One of the most rewarding areas of chamber music is the repertoire
that mixes the various instrumental families, as here, for example with
woodwind, strings and keyboard. It will come as a surprise to many music
lovers that there is enough worthwhile music for the slightly odd combination
of oboe, viola and piano to fill an entire CD, but I can assure you that
there’s plenty more! However, the works on this disc have been carefully
selected to achieve a pleasantly contrasted programme, though inevitably
the quality of the music is uneven.
Not surprisingly, it is the Hindemith Trio which is
far and away the most interesting piece, and it is in fact one of his
most fascinating and personal small chamber works. Hindemith is, in
many senses, the Telemann of the twentieth century. He wrote so much
music, and with such improbable facility, that it’s too easy to
assume that none of it is much good, and thus to dismiss him as a talented
hack. This is wildly misguided, for Hindemith was a true genius, with
a brilliantly disciplined mind, a master of that peculiar kind of lateral
thinking we call musical composition. He had an unmistakable voice,
and a highly personal style, which, once you get over its initial acerbity,
is full of beauty and inventiveness.
The trio has two particularly unusual aspects to it;
one is its two-part structure, the first part running continuously,
though in 3 sections – Solo, Arioso and Duett – while the second is
a series of four short movements. The other striking feature of the
piece is the use of the heckelphone, a type of baritone oboe, and quite
a rarity outside the works of Richard Strauss. In the capable hands
of Han de Vries, it proves to be an expressively plangent soloist. In
Part 1, Hindemith begins with the piano solo, adds the heckelphone for
the Arioso, completing the ensemble with the viola in the Duett.
Part 2, ‘Potpourri’, explores the possibilities of the combination
in four linked sections. The texture is involved and contrapuntal, culminating
in a final breathless Prestissimo. The trio give a finely judged
performance of this terrific little work, with the various tempi beautifully
‘geared’ to each other, though it’s a pity about the ragged final note.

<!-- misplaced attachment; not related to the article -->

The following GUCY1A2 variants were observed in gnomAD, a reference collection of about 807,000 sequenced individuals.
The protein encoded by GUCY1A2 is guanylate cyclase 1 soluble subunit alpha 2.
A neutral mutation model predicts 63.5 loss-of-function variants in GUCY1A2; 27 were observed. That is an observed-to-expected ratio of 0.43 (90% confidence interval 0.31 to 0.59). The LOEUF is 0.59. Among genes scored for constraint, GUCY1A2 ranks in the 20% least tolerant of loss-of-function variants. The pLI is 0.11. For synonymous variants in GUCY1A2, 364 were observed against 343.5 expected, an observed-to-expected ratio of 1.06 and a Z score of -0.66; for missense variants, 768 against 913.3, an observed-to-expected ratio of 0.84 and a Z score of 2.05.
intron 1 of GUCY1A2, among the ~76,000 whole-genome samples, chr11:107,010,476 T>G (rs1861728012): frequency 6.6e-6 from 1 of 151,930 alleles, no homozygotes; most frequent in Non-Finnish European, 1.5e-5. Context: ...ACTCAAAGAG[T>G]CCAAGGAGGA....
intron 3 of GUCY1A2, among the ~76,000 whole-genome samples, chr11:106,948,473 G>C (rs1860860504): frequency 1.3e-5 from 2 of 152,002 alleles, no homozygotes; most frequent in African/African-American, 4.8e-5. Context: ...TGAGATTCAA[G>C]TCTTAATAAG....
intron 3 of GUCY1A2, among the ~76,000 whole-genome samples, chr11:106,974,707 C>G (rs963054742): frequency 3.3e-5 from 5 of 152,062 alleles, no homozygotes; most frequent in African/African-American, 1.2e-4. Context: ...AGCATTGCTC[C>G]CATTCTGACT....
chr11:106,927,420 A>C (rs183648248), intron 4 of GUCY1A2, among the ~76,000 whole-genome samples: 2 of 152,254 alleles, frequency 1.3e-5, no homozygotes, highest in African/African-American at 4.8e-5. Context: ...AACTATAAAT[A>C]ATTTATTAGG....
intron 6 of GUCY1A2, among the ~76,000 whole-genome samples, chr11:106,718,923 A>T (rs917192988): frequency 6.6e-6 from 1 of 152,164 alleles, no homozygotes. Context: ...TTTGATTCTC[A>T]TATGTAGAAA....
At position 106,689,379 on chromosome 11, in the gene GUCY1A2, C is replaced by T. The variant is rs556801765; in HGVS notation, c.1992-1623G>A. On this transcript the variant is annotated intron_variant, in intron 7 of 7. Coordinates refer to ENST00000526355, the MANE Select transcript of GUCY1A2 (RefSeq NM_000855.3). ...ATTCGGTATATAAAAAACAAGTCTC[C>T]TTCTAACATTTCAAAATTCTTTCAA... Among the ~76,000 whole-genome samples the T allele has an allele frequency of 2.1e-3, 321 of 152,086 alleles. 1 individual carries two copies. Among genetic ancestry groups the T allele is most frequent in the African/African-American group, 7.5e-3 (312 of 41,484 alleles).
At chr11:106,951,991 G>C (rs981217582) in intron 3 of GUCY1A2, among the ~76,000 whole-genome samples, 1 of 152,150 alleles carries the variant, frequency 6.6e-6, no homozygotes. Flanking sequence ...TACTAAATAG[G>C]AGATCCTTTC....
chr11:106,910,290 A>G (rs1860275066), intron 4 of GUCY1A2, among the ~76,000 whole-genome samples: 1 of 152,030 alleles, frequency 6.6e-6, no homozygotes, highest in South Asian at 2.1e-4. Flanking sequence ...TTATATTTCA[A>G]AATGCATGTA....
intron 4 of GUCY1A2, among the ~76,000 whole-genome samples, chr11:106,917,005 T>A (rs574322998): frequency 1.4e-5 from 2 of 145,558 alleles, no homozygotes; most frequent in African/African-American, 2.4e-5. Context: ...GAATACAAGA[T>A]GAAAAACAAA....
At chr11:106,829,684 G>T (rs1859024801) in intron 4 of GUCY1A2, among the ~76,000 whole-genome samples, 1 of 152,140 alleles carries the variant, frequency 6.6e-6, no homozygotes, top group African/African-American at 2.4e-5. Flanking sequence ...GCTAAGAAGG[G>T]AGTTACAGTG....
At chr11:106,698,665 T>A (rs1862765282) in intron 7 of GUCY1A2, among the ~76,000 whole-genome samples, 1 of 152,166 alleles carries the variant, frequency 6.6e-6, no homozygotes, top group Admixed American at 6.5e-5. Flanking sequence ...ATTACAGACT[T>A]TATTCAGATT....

The other works on the disc are not on this artistic
level, though Kahn’s Serenade is a charming little piece, in one continuous
movement though, like the Hindemith, in clearly defined and contrasted
sections. Then follow two works inspired by poetry; August Friedrich
Martin Klughart’s Schilflieder – literally ‘Reed Songs’ – is
based on a series of poems by Lenau, typical, in their way, of German
Romanticism, full of Nature and Lost Love and Pierced Souls. Sometimes
the music’s connection with the poetry seems tenuous; hard to see what
the passionate, almost heroic second movement has to do with the lugubrious
poem it relates to. The third movement, however, which is also the longest,
develops touchingly into a restrained, sad song for the three instruments.
Loeffler’s Two Rhapsodies after poems by Maurice Rollinat
are rather more convincing. The poem behind the first one is called
‘The Pond’, and Loeffler treats it very simply and expressively. The
second, ‘The Pipes’, is more agitated and complex, using the plaintive
tones of oboe and viola effectively.
The three musicians play beautifully, with immaculate
tuning, expressive phrasing, and excellent ensemble, and the recording
captures them well. I sometimes wished, though, for more assertive viola
playing from Guittart, and de Vries sounds a little tense and tentative
in his softer passages. The result is that the music is well played
but a little under-characterised in places, especially as some of it
is in need of considerable advocacy.